Go to contents

Food Aid to North Korea Could be Considered a Human Rights Issue

Food Aid to North Korea Could be Considered a Human Rights Issue

Posted September. 10, 2005 08:08,   


Jay Lefkowitz, the U.S. special envoy on human rights for North Korea, indicated on September 8 that food aid to North Korea may soon be considered a human rights issue to improve the nation’s human rights record.

At his first press conference since his inauguration, he said, “North Korea is the biggest beneficiary of food aid, and there is no question that the North Korean human rights condition should be improved,” when he was asked about the possibility of associating the realm of human rights with food aid.

He said, “There is a need to review all aspects such as the North-U.S. relations including food aid and the relationship between the South-U.S. alliance and North Korea,” adding, “We understand that we can’t accept the situation 20 million North Koreans are in right now.”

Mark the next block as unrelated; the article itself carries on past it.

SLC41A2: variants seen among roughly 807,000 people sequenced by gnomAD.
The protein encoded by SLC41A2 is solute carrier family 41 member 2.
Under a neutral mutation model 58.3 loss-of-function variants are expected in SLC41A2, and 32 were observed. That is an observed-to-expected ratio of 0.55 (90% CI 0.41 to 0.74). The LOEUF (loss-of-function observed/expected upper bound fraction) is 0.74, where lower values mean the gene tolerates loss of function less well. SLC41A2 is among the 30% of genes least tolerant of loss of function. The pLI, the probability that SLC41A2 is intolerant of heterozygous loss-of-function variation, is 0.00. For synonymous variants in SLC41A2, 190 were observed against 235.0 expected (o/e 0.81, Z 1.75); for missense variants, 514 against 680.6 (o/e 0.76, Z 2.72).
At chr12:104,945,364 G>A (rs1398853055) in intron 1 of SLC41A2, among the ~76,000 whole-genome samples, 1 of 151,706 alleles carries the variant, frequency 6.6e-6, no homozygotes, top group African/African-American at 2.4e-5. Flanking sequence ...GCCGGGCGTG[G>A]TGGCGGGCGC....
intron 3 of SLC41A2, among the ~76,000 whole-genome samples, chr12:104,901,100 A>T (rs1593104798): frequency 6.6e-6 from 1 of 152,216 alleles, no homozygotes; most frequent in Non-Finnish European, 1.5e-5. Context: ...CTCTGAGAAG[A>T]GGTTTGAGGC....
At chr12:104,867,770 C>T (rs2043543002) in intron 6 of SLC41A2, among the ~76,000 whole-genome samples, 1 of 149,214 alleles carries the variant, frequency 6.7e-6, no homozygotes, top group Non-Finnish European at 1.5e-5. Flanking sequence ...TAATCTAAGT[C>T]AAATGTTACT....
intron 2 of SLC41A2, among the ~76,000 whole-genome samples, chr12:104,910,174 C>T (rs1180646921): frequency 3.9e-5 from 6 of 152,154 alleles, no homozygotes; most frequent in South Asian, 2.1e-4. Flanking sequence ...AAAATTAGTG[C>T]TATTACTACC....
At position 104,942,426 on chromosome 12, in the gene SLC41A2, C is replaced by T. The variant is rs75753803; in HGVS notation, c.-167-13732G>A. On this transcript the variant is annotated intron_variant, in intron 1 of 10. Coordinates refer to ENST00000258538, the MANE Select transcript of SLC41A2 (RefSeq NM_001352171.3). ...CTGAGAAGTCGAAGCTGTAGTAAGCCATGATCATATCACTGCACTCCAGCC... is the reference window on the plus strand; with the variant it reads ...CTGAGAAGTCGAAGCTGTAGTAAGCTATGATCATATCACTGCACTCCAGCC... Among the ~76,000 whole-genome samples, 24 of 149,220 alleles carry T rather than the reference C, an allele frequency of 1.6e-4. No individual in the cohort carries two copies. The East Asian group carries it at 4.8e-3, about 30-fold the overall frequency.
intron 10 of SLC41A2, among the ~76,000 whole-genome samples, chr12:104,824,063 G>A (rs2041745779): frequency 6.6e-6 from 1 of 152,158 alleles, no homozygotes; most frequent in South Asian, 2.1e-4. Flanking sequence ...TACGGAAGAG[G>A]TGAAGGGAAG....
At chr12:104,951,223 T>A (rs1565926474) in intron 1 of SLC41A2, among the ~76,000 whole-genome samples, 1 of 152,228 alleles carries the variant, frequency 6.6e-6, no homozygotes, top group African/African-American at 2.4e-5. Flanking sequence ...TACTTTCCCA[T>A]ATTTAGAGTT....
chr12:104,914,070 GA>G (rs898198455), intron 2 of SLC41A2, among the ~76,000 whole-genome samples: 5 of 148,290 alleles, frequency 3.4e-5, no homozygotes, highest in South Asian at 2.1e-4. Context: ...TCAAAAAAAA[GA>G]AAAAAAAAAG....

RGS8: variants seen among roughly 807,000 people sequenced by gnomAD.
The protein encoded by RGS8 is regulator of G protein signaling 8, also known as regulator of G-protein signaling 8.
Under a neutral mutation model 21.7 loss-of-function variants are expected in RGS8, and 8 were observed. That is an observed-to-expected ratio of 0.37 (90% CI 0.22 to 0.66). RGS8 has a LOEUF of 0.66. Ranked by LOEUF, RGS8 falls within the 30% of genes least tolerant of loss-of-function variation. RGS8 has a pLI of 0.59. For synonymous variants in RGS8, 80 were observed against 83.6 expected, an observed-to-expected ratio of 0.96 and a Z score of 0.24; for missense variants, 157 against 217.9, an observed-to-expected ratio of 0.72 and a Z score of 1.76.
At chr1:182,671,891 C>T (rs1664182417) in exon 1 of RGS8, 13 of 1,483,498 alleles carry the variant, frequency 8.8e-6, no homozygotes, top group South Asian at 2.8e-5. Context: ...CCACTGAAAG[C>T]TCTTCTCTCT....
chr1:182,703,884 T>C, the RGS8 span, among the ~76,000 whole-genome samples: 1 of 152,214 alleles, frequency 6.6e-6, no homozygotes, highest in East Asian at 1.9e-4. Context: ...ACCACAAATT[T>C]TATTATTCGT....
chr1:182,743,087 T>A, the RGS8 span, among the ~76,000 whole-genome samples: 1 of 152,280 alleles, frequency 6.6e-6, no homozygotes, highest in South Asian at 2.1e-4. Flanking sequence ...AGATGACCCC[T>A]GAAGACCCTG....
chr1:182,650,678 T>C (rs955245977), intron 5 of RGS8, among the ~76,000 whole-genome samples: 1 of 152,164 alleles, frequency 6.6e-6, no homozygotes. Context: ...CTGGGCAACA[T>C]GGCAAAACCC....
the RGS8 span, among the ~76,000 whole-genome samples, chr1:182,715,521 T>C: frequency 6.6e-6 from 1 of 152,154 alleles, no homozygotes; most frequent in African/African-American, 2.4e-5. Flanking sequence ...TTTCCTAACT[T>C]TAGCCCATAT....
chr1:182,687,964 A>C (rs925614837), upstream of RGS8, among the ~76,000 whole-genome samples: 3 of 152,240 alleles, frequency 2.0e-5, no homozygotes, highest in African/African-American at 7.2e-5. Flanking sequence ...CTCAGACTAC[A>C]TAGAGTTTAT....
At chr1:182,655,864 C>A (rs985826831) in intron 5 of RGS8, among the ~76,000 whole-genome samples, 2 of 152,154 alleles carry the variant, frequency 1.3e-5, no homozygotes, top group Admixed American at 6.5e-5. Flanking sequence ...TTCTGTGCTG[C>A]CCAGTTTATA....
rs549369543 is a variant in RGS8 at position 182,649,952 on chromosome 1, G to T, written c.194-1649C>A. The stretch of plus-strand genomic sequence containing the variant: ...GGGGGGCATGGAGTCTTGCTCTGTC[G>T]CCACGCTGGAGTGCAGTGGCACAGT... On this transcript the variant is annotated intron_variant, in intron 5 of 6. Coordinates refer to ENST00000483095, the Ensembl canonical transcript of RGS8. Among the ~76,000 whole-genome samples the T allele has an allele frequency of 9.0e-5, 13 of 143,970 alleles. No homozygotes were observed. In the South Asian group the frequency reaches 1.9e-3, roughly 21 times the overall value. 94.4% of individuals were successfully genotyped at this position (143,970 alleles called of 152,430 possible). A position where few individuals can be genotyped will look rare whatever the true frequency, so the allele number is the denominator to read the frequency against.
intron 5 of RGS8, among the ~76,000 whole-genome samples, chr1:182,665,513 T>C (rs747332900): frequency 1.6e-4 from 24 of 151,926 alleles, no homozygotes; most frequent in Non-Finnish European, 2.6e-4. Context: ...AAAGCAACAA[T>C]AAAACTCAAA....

His remarks sparked attention because what he said isn’t in line with the state department’s existing policy not to link humanitarian aid with human rights.

Lefkowitz stated, “U.S. Secretary of State Condoleezza Rice asked me at the September 6 meeting to brief her on extensive North Korean policies and issues.” So there is a possibility that he will get involved with the overall U.S. policy for North Korea.

As for the relations with the South Korean government, he said, “I hope that the South Korean government will be a critical partner in our efforts to improve human rights in North Korea.”

He continued, “Improving the human rights condition in North Korea is essential if the nation wants to be recognized and respected in the international community,” adding, “I intend to visit South Korea to listen to views of the South Korean government on this issue.”

Soon-Taek Kwon maypole@donga.com